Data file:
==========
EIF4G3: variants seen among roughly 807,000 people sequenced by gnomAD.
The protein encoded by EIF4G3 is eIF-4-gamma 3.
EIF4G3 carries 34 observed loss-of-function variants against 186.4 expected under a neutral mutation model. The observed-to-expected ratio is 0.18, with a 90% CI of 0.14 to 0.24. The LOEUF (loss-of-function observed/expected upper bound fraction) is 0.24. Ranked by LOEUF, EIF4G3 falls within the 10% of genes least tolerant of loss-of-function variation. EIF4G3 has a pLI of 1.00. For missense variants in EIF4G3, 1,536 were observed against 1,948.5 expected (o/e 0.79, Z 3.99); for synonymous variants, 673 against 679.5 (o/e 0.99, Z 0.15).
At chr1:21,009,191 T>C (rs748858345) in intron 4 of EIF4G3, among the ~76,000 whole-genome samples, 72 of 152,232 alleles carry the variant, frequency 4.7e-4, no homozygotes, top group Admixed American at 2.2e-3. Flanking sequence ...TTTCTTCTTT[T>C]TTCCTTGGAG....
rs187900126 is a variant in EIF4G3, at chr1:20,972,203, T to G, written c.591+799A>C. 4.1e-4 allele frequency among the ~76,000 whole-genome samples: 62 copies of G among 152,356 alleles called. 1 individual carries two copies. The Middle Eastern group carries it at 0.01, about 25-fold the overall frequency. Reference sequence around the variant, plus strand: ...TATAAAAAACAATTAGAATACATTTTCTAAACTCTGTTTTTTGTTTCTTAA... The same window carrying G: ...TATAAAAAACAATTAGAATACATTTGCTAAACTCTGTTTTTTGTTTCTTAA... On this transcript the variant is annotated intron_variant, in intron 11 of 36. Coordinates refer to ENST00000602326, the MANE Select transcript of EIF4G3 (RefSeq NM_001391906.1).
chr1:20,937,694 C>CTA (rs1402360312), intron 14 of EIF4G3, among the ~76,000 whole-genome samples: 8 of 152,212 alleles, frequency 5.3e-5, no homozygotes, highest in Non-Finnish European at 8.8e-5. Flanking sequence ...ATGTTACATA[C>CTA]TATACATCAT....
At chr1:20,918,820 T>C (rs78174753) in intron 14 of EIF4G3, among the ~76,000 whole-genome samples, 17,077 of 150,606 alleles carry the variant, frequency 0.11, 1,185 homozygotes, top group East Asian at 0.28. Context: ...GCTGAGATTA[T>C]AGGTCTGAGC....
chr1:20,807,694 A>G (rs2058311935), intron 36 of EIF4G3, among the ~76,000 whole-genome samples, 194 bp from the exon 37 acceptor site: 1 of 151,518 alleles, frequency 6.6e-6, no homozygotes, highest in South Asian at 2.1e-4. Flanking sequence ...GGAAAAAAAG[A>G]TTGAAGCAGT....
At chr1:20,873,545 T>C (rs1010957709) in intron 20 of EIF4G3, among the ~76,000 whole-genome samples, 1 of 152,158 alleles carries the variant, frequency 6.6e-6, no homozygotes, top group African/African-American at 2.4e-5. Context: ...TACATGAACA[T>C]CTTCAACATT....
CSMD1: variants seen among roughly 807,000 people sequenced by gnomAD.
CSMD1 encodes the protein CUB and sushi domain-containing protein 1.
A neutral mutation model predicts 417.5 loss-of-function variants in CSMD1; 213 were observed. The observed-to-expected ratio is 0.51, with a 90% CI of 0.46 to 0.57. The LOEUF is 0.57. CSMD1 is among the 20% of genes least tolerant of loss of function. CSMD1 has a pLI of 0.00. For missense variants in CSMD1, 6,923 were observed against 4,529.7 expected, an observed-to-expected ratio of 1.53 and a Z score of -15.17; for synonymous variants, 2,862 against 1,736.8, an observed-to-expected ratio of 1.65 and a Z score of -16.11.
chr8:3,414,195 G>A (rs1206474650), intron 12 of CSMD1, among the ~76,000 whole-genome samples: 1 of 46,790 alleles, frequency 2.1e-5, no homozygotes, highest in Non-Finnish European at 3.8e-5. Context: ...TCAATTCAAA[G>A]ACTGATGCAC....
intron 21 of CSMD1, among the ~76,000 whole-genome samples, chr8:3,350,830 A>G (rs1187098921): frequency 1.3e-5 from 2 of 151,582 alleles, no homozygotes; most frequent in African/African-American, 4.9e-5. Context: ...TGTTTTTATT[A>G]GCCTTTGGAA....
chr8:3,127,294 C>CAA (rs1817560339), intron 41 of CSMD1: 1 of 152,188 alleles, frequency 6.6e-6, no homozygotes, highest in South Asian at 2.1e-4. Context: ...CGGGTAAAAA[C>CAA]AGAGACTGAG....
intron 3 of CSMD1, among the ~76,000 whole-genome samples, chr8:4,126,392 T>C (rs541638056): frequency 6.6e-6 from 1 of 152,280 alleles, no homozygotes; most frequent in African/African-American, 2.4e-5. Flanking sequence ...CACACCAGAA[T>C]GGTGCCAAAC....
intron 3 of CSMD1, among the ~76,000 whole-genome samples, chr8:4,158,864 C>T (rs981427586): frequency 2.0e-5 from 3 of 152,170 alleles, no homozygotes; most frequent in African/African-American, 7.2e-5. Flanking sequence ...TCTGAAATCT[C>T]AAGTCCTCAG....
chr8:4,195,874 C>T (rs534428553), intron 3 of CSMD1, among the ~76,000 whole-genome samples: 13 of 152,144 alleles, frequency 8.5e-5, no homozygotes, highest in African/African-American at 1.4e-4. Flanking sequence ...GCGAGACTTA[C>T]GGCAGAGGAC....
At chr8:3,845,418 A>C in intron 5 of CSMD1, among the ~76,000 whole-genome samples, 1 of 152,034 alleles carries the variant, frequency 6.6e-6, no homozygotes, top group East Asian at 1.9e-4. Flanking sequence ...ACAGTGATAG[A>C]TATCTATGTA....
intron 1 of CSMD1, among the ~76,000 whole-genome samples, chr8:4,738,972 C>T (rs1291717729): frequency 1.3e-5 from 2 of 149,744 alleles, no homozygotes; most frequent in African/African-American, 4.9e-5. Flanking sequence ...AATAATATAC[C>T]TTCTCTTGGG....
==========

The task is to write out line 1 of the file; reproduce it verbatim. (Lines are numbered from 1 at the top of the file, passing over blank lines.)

EIF4G3: variants seen among roughly 807,000 people sequenced by gnomAD.